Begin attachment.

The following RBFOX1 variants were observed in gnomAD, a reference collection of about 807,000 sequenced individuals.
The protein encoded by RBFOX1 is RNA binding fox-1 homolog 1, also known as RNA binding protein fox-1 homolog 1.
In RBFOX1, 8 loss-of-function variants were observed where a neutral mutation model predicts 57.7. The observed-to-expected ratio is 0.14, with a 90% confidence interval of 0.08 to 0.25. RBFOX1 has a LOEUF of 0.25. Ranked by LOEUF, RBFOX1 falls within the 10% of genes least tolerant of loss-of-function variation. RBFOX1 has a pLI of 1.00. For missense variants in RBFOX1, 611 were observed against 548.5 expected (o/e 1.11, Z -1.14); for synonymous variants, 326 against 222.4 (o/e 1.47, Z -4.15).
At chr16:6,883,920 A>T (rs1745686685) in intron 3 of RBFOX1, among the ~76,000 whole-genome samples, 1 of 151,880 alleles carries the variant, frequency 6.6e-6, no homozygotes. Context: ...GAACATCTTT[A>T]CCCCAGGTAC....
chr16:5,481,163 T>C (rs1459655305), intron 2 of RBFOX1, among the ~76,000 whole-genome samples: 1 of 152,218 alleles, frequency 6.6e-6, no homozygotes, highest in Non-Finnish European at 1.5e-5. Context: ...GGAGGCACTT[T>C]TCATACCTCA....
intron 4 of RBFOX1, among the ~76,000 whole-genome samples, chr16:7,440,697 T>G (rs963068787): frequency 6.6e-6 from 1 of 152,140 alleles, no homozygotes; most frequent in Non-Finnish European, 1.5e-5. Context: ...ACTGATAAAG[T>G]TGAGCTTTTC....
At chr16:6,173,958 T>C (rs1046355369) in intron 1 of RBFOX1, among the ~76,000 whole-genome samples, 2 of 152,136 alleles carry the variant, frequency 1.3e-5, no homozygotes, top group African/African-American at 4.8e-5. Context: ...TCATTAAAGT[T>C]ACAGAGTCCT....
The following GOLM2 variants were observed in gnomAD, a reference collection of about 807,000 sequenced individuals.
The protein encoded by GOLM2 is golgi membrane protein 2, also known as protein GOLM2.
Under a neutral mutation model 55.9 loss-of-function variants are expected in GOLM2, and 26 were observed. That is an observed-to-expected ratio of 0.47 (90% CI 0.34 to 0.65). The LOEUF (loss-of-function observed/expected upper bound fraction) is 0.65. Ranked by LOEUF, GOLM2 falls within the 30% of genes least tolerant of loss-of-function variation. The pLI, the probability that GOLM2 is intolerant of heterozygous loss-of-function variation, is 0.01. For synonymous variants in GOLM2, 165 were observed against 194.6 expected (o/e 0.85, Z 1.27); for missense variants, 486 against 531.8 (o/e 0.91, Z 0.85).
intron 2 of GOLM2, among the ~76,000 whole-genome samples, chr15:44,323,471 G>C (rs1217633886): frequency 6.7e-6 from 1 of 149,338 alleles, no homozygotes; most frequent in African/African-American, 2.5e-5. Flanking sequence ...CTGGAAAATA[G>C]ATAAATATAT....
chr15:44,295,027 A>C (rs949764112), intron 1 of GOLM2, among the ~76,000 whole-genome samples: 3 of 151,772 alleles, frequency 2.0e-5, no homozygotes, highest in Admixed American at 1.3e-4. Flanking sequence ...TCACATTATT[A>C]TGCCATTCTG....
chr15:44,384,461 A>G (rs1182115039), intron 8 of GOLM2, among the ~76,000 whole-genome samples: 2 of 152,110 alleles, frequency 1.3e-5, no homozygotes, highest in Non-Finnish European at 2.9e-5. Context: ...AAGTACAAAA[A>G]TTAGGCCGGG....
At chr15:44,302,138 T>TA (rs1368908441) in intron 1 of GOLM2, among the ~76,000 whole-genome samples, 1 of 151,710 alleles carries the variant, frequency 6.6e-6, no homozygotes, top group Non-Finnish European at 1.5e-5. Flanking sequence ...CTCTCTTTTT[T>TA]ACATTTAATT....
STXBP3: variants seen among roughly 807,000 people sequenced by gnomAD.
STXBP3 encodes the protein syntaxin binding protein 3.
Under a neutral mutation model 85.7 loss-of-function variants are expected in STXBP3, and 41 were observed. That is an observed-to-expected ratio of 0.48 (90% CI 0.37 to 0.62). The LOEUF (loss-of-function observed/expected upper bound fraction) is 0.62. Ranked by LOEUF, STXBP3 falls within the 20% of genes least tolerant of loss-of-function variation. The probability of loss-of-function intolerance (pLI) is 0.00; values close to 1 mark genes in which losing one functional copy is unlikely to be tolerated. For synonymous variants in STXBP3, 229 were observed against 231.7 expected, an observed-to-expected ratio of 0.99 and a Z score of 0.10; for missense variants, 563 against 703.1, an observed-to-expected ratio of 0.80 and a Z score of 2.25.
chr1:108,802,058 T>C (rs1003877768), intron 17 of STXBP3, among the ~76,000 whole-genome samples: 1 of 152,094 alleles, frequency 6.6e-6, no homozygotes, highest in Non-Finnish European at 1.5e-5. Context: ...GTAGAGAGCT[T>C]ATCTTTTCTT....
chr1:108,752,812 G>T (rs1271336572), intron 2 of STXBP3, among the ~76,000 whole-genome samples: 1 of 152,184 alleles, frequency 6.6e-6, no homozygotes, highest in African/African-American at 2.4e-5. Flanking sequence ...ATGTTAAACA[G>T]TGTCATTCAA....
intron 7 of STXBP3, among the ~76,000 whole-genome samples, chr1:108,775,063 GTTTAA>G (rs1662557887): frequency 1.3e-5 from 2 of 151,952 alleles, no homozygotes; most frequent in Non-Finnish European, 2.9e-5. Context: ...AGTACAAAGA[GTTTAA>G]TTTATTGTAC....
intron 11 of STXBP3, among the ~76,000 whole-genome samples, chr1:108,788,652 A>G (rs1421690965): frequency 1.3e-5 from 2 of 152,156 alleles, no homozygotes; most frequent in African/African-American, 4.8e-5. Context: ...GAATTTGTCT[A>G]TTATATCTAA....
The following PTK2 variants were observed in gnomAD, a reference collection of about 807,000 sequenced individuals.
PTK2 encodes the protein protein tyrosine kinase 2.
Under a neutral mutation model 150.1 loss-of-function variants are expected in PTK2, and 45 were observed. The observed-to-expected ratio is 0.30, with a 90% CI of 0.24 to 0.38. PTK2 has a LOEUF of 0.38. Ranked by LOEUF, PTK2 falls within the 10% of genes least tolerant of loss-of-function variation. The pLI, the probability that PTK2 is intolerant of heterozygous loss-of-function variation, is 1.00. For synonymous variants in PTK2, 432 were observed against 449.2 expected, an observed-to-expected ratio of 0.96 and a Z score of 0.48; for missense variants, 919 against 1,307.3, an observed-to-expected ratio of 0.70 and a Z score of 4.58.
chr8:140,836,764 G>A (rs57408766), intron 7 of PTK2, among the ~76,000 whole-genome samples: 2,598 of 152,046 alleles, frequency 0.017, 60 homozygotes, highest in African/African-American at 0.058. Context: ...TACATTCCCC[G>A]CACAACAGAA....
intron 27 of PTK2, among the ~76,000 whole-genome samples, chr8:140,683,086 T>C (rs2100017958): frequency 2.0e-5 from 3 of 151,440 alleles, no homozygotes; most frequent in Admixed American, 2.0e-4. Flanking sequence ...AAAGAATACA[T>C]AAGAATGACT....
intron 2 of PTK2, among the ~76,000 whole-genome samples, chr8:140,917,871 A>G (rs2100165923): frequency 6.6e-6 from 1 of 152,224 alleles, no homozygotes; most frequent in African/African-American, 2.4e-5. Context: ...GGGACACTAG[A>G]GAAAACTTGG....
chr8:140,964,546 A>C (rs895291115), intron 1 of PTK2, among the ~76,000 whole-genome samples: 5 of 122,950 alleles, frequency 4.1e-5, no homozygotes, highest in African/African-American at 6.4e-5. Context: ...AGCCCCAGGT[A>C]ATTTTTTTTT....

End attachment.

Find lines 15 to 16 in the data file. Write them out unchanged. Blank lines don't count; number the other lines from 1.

STXBP3: variants seen among roughly 807,000 people sequenced by gnomAD.
STXBP3 encodes the protein syntaxin binding protein 3.